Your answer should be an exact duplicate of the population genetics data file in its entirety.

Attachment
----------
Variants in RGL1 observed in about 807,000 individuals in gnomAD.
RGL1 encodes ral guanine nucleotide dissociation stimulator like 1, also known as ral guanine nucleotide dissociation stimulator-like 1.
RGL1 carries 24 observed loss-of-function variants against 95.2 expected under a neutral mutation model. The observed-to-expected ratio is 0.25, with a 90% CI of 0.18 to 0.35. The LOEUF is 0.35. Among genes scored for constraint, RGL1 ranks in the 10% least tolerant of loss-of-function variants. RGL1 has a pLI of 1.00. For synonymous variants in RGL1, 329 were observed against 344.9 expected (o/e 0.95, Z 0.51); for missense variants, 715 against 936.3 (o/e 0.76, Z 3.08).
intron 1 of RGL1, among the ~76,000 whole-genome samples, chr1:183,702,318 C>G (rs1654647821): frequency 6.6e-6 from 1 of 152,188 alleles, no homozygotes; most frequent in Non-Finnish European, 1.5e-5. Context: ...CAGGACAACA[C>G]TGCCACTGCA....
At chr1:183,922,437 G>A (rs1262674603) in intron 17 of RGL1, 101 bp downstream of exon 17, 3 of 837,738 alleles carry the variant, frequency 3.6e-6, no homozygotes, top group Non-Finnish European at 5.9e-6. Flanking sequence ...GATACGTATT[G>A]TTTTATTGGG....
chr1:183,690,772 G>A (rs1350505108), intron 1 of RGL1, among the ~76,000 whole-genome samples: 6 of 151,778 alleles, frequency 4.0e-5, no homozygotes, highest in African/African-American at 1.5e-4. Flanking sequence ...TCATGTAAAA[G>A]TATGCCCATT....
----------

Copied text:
Variants in RGL1 observed in about 807,000 individuals in gnomAD.
RGL1 encodes ral guanine nucleotide dissociation stimulator like 1, also known as ral guanine nucleotide dissociation stimulator-like 1.
RGL1 carries 24 observed loss-of-function variants against 95.2 expected under a neutral mutation model. The observed-to-expected ratio is 0.25, with a 90% CI of 0.18 to 0.35. The LOEUF is 0.35. Among genes scored for constraint, RGL1 ranks in the 10% least tolerant of loss-of-function variants. RGL1 has a pLI of 1.00. For synonymous variants in RGL1, 329 were observed against 344.9 expected (o/e 0.95, Z 0.51); for missense variants, 715 against 936.3 (o/e 0.76, Z 3.08).
intron 1 of RGL1, among the ~76,000 whole-genome samples, chr1:183,702,318 C>G (rs1654647821): frequency 6.6e-6 from 1 of 152,188 alleles, no homozygotes; most frequent in Non-Finnish European, 1.5e-5. Context: ...CAGGACAACA[C>G]TGCCACTGCA....
At chr1:183,922,437 G>A (rs1262674603) in intron 17 of RGL1, 101 bp downstream of exon 17, 3 of 837,738 alleles carry the variant, frequency 3.6e-6, no homozygotes, top group Non-Finnish European at 5.9e-6. Flanking sequence ...GATACGTATT[G>A]TTTTATTGGG....
chr1:183,690,772 G>A (rs1350505108), intron 1 of RGL1, among the ~76,000 whole-genome samples: 6 of 151,778 alleles, frequency 4.0e-5, no homozygotes, highest in African/African-American at 1.5e-4. Flanking sequence ...TCATGTAAAA[G>A]TATGCCCATT....